Northampton superintendent choice says yes
NORTHAMPTON — John A. Provost of Easthampton said he consulted with “many, many advisers” before accepting Northampton’s offer to become the city’s new school superintendent July 1.
Provost was also offered the schools chief job in Belchertown this week.
“In the end it came down to picking the district that best aligned with the strengths I have to offer and the needs of the district,” said Provost. “There was a better alignment in Northampton.”
Mayor David J. Narkewicz said he received a call from Provost Friday morning with the news that Provost, superintendent of the North Brookfield public schools since 2011, would take the job in Northampton.
“I am very pleased and excited about that,” Narkewicz said. “He is the right person to be leading our school district at this time.”
The city will begin salary negotiations early next week with Provost. The Northampton schools chief job was advertised at an annual salary between $140,000 and $150,000.
Reached at his home on Friday, Provost, 42, said he went through the interview process in both communities to be sure about his decision.
“I wanted to feel in my heart that this was the right decision,” he said. “The hope for me is that I want to be able to commit for the long term.”
Provost also said a phone conversation with Narkewicz Wednesday was a factor in his decision.
“The mayor and I have a similar set of values, which will allow us to be great partners,” Provost said. “The relationship between a superintendent and the chair of the school committee is key.”
Provost said he was also pleasantly surprised by a letter that principals and other key school administrators in Northampton sent to the city school board supporting his candidacy for schools chief. “That was certainly important in my decision,” he said.
When asked about comments made by some Northampton school board members that some teachers in the district appeared to favor other superintendent finalists, Provost said, “That was a factor in my considerations and is on my radar screen now. One of the things I’ll be doing is going directly to the faculty to understand what some of the concerns were.”
Provost said his first priority, once contract negotiations are completed, will be to work with interim Superintendent Regina Nash and other administrators to ensure a smooth transition. He said he will also focus on learning as much as he can about individual schools as part of creating an “entry plan” for the district. Provost said one of the specific ways his skills and interests “align” with Northampton is a desire to improve elementary education. “That’s been a passion of mine for a long time,” he said.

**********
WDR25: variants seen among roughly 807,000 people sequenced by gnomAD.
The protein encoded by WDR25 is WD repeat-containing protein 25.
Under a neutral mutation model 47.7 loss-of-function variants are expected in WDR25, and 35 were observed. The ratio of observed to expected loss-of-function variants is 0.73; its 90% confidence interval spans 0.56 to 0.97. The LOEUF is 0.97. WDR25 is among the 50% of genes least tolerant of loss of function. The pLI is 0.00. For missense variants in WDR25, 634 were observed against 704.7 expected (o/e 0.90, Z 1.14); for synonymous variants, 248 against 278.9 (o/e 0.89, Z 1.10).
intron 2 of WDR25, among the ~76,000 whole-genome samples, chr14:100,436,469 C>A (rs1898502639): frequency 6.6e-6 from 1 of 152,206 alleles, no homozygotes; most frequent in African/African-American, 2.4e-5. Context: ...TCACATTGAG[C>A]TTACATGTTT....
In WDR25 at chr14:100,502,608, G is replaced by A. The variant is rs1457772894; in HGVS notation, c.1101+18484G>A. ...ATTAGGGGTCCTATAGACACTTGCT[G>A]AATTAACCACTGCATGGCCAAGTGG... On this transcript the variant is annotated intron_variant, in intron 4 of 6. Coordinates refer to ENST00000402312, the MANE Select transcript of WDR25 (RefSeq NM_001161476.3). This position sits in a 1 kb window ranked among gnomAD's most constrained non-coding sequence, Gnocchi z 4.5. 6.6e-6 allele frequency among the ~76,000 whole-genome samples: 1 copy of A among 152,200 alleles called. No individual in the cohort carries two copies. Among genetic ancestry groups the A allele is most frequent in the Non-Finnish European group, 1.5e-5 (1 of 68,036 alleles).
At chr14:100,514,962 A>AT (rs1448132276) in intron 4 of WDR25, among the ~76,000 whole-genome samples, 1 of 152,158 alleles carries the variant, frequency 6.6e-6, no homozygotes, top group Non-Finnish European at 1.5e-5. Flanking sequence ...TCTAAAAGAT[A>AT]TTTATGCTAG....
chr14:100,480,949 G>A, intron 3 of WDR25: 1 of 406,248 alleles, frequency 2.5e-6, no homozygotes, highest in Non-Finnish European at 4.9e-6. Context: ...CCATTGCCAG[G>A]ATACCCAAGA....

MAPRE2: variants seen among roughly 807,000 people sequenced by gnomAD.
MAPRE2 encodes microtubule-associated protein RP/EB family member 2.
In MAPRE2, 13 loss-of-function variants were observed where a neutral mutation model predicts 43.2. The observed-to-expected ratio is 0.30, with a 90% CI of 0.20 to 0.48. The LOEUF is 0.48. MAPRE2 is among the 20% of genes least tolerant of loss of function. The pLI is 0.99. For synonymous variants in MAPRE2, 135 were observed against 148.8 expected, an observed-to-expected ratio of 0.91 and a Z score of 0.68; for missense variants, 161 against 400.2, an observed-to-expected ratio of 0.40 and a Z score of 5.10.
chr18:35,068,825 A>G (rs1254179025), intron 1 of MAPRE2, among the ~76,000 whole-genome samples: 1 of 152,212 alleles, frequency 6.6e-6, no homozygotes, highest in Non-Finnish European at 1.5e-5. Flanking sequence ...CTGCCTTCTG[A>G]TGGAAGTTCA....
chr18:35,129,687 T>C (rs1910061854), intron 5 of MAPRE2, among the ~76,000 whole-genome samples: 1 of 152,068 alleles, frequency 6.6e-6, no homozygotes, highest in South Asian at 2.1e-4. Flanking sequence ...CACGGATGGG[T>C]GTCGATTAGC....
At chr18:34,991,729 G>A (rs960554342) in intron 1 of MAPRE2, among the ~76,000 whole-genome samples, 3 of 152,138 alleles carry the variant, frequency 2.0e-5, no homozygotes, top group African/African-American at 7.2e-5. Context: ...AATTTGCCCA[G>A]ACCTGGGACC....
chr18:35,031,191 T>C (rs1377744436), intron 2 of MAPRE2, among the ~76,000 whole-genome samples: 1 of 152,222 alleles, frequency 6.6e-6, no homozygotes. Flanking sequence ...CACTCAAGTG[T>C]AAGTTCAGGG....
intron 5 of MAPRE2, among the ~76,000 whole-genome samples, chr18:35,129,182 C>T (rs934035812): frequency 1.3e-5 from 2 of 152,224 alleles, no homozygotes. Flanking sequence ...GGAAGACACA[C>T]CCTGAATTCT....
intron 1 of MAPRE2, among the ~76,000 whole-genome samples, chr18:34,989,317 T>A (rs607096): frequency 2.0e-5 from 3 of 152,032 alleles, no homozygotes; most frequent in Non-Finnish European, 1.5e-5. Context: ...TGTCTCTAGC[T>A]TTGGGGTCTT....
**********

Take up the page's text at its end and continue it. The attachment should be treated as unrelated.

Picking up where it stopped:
Provost’s professional experience includes stints as a classroom teacher and as special education director for the Holyoke and Agawam public schools.
A married father of a teenage son, he holds a bachelor’s degree in English literature from Westfield State University and both master’s and doctoral degrees in education from the University of Massachusetts Amherst.
The School Committee voted 8-2 Tuesday to offer the superintendent position to Provost over two other finalists chosen by a search panel from a pool of 22 applicants. Two days later, the Belchertown school board offered Provost the superintendent’s job there. The pay in Belchertown was listed as between $120,000 and $135,000.
Belchertown school officials said Friday they are reviewing their options in light of Provost’s decision.
“We need to now move to our next step,” said School Committee Chairwoman Linda Tsoumas. She said the would consult with the Massachusetts Association of School Committees to determine what that is.
Tsoumas said the school board will take up the superintendent search at its meeting Tuesday at 7 p.m. at Swift River Elementary School.
“One would expect not to be happy with a decision of this nature,” she said. “We are still gathering information, trying to figure out what’s next.”
Tsoumas said the board likely would not offer the job to one of the other two finalists in the search. “That routinely is not a practice in superintendent searches,” she said.
Belchertown school board member Richard Fritsch said he was not surprised by Provost’s decision to take the job in Northampton. “I feel he telegraphed it in his statements to the press,” Fritsch said.
Jackson Street School Principal Gwen Agna, a member of the superintendent search panel and the district’s administrative leadership team, said Provost’s “big picture view of what a district needs in a leader” made him the right fit for city schools chief.
“All three candidates were outstanding,” she said. “But he really conveyed to us that he’s a collaborative leader and the right person for Northampton.”
JFK Middle School parent Becky Olander said Provost’s experience as a “sitting superintendent” will be good for the district.
“Also, because he is local and his family situation is the way it is, it seems he has a good shot at staying with us for some time — perhaps the best shot of the three candidates,” Olander said.
The search that led to Provost’s hire was Northampton’s third in three years. Brian Salzer, who was hired as schools chief in 2011, left after less than two years for a job overseas.
A search in October was reopened after the School Committee rejected three finalists identified in that round.
A new search panel began meeting in February and identified three finalists for superintendent: Provost, Laurie A. Casna, director of personnel and student services for the Pembroke public schools, and Jordana Harper-Ewert of Amherst, chief schools officer for the Springfield schools.
Harper-Ewert is also a finalist for superintendent in Greenfield.
Gazette contributing writer Eric Goldscheider contributed to this report.